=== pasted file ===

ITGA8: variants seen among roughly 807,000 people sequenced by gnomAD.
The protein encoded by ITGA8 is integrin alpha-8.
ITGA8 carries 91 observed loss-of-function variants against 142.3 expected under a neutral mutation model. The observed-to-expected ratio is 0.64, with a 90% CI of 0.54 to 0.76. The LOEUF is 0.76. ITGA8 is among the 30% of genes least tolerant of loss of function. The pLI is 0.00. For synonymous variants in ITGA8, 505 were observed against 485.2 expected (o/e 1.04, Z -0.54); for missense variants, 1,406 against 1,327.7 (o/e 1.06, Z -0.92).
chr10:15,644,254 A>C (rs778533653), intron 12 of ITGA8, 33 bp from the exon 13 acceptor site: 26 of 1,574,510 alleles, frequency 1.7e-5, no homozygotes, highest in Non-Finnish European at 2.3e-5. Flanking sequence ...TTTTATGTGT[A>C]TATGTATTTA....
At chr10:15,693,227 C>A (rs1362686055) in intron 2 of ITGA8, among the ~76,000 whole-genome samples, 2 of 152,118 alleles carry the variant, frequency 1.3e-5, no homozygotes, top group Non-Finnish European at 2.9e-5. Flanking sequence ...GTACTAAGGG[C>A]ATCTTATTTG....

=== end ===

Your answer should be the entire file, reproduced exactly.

ITGA8: variants seen among roughly 807,000 people sequenced by gnomAD.
The protein encoded by ITGA8 is integrin alpha-8.
ITGA8 carries 91 observed loss-of-function variants against 142.3 expected under a neutral mutation model. The observed-to-expected ratio is 0.64, with a 90% CI of 0.54 to 0.76. The LOEUF is 0.76. ITGA8 is among the 30% of genes least tolerant of loss of function. The pLI is 0.00. For synonymous variants in ITGA8, 505 were observed against 485.2 expected (o/e 1.04, Z -0.54); for missense variants, 1,406 against 1,327.7 (o/e 1.06, Z -0.92).
chr10:15,644,254 A>C (rs778533653), intron 12 of ITGA8, 33 bp from the exon 13 acceptor site: 26 of 1,574,510 alleles, frequency 1.7e-5, no homozygotes, highest in Non-Finnish European at 2.3e-5. Flanking sequence ...TTTTATGTGT[A>C]TATGTATTTA....
At chr10:15,693,227 C>A (rs1362686055) in intron 2 of ITGA8, among the ~76,000 whole-genome samples, 2 of 152,118 alleles carry the variant, frequency 1.3e-5, no homozygotes, top group Non-Finnish European at 2.9e-5. Flanking sequence ...GTACTAAGGG[C>A]ATCTTATTTG....